on the role of the project office in assisting project teams. [Bates 1998] claims that
establishment of a PMO and discusses the PMO manager role and requirements. [Whitten 2000]
suggests to better define the PMO to get respect from the organization. [Knutson 1998] presents
an implementation plan that allows the project discipline to unfold into an accepted and viable

Kwak & Dai Assessing the Value of Project Management Offices


PMI Research Conference 2000

project office. [Dinsmore 2000] presents a PMO design guideline that will fit and customize into
different size of organization.

PMO is viewed as a central point for PM implementation throughout an organization as well as a


supportive element that applies PM tools and techniques effectively. Some PMOs are on a level
comparable to various functional managers that report to senior managers. Others are within
divisions of the organization [Wells 1999]. PMO has different names such as project office
[Whitten 2000], project support office [Bolles 1998] [Murphy 1997], and project management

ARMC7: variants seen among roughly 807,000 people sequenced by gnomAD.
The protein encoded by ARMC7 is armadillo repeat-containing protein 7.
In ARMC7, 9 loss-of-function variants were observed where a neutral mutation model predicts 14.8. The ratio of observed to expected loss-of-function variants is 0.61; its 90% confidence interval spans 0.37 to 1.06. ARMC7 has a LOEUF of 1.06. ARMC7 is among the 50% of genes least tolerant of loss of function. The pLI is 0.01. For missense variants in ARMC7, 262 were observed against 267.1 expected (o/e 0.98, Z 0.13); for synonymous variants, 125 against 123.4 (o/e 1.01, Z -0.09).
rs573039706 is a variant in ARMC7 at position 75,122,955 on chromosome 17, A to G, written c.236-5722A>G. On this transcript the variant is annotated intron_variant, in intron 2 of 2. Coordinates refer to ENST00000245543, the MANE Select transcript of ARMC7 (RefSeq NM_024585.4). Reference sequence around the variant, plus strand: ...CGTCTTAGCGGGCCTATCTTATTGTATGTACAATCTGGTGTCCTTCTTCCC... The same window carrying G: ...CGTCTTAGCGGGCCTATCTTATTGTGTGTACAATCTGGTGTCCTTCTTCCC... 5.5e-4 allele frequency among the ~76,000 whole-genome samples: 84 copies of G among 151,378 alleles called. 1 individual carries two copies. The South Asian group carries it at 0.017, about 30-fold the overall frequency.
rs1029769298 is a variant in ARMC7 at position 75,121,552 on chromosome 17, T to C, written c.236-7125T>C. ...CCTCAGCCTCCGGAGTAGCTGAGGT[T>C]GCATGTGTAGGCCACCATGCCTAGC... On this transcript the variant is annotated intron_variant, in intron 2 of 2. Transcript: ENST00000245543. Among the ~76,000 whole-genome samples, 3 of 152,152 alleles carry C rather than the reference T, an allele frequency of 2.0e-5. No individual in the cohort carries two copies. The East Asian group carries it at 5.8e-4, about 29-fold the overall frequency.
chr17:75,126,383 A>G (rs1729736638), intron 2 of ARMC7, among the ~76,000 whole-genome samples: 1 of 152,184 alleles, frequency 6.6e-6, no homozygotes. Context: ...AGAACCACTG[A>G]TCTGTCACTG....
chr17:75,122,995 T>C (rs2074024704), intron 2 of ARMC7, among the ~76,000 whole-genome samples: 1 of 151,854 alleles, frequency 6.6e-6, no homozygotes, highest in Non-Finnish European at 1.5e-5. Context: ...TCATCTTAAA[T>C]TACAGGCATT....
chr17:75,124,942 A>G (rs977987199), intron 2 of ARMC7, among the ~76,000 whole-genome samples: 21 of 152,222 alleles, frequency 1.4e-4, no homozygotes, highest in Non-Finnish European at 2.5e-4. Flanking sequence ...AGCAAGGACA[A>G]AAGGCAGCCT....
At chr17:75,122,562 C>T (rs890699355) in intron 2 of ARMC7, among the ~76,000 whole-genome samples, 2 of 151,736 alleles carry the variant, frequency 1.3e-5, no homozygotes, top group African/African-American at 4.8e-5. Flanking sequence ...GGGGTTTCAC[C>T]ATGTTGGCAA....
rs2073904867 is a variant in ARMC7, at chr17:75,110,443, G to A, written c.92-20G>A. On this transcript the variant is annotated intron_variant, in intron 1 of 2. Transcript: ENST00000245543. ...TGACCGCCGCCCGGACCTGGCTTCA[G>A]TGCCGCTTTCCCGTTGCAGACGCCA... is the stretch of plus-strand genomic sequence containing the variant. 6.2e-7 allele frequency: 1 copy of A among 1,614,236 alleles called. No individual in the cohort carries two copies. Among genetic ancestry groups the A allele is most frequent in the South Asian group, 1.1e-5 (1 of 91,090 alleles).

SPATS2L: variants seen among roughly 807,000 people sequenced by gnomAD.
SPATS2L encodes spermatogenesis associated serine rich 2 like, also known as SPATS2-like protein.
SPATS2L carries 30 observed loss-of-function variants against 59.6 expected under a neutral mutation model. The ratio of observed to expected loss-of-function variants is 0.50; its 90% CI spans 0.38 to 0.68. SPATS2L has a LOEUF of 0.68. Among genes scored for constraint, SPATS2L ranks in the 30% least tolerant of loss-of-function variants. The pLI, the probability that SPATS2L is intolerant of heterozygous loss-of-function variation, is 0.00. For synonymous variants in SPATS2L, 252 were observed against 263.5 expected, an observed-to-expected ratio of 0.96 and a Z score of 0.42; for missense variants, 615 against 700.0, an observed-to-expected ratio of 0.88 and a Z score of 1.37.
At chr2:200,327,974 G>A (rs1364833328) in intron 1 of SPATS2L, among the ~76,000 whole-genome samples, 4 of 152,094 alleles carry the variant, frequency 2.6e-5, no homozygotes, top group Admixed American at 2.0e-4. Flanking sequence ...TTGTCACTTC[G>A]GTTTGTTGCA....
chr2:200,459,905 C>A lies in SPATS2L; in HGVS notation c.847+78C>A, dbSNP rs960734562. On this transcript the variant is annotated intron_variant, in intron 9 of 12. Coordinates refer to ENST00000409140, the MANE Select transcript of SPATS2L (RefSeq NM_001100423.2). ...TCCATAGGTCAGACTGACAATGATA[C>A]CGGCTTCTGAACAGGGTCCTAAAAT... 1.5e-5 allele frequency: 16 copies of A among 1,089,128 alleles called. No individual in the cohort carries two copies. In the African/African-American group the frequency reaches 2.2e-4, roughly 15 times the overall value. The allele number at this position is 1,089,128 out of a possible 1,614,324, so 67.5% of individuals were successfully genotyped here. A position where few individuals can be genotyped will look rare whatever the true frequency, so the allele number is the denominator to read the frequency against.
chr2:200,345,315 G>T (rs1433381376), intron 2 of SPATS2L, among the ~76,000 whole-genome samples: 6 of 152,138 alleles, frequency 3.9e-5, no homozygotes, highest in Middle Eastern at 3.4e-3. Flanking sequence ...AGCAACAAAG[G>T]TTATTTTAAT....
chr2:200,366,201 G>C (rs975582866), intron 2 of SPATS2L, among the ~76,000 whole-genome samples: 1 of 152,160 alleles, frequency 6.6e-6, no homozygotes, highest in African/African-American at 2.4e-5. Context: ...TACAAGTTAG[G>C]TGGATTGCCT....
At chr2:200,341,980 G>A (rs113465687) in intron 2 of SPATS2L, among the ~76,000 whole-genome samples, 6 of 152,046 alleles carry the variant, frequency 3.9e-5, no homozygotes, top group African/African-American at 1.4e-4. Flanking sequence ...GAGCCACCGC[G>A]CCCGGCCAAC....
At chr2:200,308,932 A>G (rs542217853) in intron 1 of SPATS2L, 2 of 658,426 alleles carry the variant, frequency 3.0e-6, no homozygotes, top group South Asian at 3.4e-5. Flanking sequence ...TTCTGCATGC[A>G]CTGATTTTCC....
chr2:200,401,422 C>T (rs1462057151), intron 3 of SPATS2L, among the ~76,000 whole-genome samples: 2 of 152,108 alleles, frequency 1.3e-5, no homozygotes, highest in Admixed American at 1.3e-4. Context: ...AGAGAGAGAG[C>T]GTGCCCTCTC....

center of excellence [Ibbs and Kwak 2000].

2.2 FUNCTIONS, SERVICES AND BENEFITS OF PMO


PMO is an internal consulting service that focuses on providing project management support to
an organization’s projects. Functions and services of PMO vary depending on its size and
organization’s management objective. PMO’s functions and services can be summarized by the
following which will lead organization improve project management effectiveness [Block and
Frame 1998] [Bates 1998].

• Project support, which focuses mainly on offloading administrative burdens, such as


reporting and software operations, from the project manager.
• Consulting and mentoring, whereby professional project management expertise,
including proposal development and project planning, is to be shared as needed
throughout the organization.
• Standards and methods should be developed and enforced to leverage best practices and
to ensure that members of the organization are all speaking the same project management
language.
• Training is to be made available to enhance individual skills and encourage certification
of project management professionals.
• Help the organization staff its projects with appropriate project managers.
• Play a high-tech project support role by enabling virtual project offices.
• Emphasize having a central historical archive for all types of projects.
• Assume tasks such as providing project risk assessment, performing post-project
evaluation services.
• Leading the organization transition to an effective project environment.

[Whitten 2000] also developed a starter list of services that a PMO can provide to ask whether